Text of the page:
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Monday, September 11, 2006

Brought to you courtesy of the heroes of Flight 93

Nobody knows where exactly Flight 93 was headed after it was hijacked on September 11, 2001.Terrorists generally do not file flight plans. But its final trajectory made it fairly clear that it was headed for Washington, D.C.
What was its target? Nobody knows that, either. Washington D.C. and its surroundings are a target-rich environment. Perhaps the plan was to crash a second plane into the Pentagon. Perhaps the target was the majestic obelisk of the Washington Monument, or the Presidential residence, the White House. The most popular theory is that the target was the one that would have had the greatest symbolic value: the U.S. Capitol.
Al Qa'eda's signature move is the simultaneous attack. If multiple targets are hit at the same time, it's a fairly clear sign it was one of their attacks. It's the terrorist equivalent of landing a man on the moon: See, we can do this, and there's nothing you can do to stop it. Flight 93 was supposed to hit its target at the same time that the other planes were hitting theirs. It didn't. Instead, it took a high-velocity nosedive into a field in southwestern Pennsylvania.
So what happened? Why did the other planes hit their targets, and Flight 93 didn't? The answer is grounded in one simple fact: it was late taking off.

Well, that wasn't the only reason. Maybe the passengers had a specific mix of skills and strengths that allowed them to fight the hijackers - at least one of them was qualified to fly a plane. Perhaps it was because there were only four hijackers instead of the five that were present on the other planes. And to a large extent it was because the passengers were able to communicate with people on the ground who let them know exactly what was happening in New York City and Washington D.C. Armed with that knowledge, the passengers of Flight 93 knew they had to act.

The hijackers had failed before they took off. Their plane was 42 minutes late. They had lost the element of simultaneity. The glory of the day had been diminished. They should have given up before they started. But they decided to forge ahead anyway. Allah would understand.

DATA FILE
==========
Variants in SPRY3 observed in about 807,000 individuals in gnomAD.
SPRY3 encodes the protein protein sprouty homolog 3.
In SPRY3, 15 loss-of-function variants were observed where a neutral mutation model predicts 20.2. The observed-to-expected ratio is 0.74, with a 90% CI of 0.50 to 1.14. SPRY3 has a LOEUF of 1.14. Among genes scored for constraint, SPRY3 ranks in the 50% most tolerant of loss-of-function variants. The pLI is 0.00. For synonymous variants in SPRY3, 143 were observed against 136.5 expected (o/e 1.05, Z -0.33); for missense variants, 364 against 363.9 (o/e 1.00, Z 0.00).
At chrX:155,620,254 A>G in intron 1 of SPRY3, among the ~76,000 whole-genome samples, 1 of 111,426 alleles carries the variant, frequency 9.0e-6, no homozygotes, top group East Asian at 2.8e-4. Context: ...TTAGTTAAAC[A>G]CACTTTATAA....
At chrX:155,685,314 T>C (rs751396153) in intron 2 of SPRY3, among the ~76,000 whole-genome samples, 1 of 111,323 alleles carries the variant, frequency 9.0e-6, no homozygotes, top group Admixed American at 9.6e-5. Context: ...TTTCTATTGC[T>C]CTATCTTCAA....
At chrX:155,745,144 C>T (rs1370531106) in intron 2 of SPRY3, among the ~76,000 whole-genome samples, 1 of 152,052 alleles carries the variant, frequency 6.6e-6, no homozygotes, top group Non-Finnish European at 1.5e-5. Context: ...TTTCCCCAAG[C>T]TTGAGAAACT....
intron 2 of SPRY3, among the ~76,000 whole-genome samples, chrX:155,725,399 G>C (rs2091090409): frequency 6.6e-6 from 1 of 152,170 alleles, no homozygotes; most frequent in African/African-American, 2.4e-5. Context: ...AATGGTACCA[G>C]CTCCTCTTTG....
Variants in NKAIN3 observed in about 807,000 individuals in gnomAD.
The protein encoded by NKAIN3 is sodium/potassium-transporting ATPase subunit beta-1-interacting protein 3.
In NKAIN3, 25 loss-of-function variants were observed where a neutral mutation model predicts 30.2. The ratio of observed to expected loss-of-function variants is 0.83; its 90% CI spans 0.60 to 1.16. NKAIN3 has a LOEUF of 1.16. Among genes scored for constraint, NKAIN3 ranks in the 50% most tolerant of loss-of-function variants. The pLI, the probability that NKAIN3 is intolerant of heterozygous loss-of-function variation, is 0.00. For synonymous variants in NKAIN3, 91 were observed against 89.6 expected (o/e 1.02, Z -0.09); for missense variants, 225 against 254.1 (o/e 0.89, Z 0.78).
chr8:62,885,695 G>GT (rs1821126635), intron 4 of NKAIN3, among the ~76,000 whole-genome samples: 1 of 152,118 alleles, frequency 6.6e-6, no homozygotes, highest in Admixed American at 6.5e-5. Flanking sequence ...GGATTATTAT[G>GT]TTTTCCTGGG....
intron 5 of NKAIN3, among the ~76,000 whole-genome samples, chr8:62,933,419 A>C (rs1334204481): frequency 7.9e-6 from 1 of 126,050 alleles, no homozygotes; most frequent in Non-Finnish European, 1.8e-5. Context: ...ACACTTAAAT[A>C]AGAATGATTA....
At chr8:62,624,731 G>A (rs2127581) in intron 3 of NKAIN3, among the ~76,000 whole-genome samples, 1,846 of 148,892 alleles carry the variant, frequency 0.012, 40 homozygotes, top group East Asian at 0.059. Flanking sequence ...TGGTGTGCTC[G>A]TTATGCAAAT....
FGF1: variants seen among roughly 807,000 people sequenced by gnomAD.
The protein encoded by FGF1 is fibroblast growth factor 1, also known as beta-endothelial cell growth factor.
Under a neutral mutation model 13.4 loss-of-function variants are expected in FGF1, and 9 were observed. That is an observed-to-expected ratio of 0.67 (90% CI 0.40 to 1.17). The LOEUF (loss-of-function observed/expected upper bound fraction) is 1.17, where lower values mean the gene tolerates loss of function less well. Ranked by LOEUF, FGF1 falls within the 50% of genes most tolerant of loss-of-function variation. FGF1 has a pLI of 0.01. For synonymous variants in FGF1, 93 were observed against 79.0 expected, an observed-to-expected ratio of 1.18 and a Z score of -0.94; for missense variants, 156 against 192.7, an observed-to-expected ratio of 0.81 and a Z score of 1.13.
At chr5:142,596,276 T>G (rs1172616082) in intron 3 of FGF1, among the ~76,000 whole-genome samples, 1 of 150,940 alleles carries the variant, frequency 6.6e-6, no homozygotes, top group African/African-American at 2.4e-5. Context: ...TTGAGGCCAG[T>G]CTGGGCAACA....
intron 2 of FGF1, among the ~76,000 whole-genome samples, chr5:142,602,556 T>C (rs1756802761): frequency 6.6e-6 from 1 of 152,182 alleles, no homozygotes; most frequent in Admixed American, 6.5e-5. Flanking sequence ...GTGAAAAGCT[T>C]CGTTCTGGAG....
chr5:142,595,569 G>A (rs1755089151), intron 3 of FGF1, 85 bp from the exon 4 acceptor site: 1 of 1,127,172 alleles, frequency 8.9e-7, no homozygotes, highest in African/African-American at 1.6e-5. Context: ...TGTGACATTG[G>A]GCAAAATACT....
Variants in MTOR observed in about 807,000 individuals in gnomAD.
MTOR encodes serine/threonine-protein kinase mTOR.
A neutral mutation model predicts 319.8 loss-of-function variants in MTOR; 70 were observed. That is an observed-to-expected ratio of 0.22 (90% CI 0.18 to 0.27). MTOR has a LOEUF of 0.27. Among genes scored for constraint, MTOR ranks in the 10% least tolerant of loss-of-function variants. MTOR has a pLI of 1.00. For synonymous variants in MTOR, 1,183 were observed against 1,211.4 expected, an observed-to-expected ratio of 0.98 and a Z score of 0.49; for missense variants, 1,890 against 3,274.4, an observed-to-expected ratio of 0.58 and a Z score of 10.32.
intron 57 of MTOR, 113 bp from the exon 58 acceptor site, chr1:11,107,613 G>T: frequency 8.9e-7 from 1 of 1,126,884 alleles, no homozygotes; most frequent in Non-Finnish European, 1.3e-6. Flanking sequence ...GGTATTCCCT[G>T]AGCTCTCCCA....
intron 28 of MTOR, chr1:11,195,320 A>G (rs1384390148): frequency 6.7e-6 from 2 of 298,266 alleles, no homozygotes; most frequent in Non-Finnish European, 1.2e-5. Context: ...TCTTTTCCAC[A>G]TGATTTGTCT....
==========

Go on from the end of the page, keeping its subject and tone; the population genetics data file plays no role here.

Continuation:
People around the world think the U.S. shot down Flight 93 with a missile. We didn't. Not that we wouldn't have if we had had the chance. But we didn't have time. Faced with the failure of their mission, the cowards who had hijacked Flight 93 chose the dishonor of suicide over the dishonor of being overpowered by the passengers of Flight 93. And so they took a high-velocity nosedive into a field in Shanksville, Pennsylvania, leaving behind a very small and very deep hole.
So the next time you're in Washington, D.C., or even just looking at pictures of the place, keep in mind that if the terrorist plan for Flight 93 had been successful, the area might look very different. Look at the buildings, look at the monuments, and remember that they are there because of the heroes of Flight 93.

And because their flight was 42 minutes late. Remember that, too, next time your flight is delayed.

Images courtesy of The Architect of the Capitol and the heroes of Flight 93.

2 comments:

dee said...

Thank you.

Anonymous said...

so hard to believe it has been five years, no? and we were together on that day as well harold.
we have seen our fair share of tradgedies in that time, but none, to equal that. :(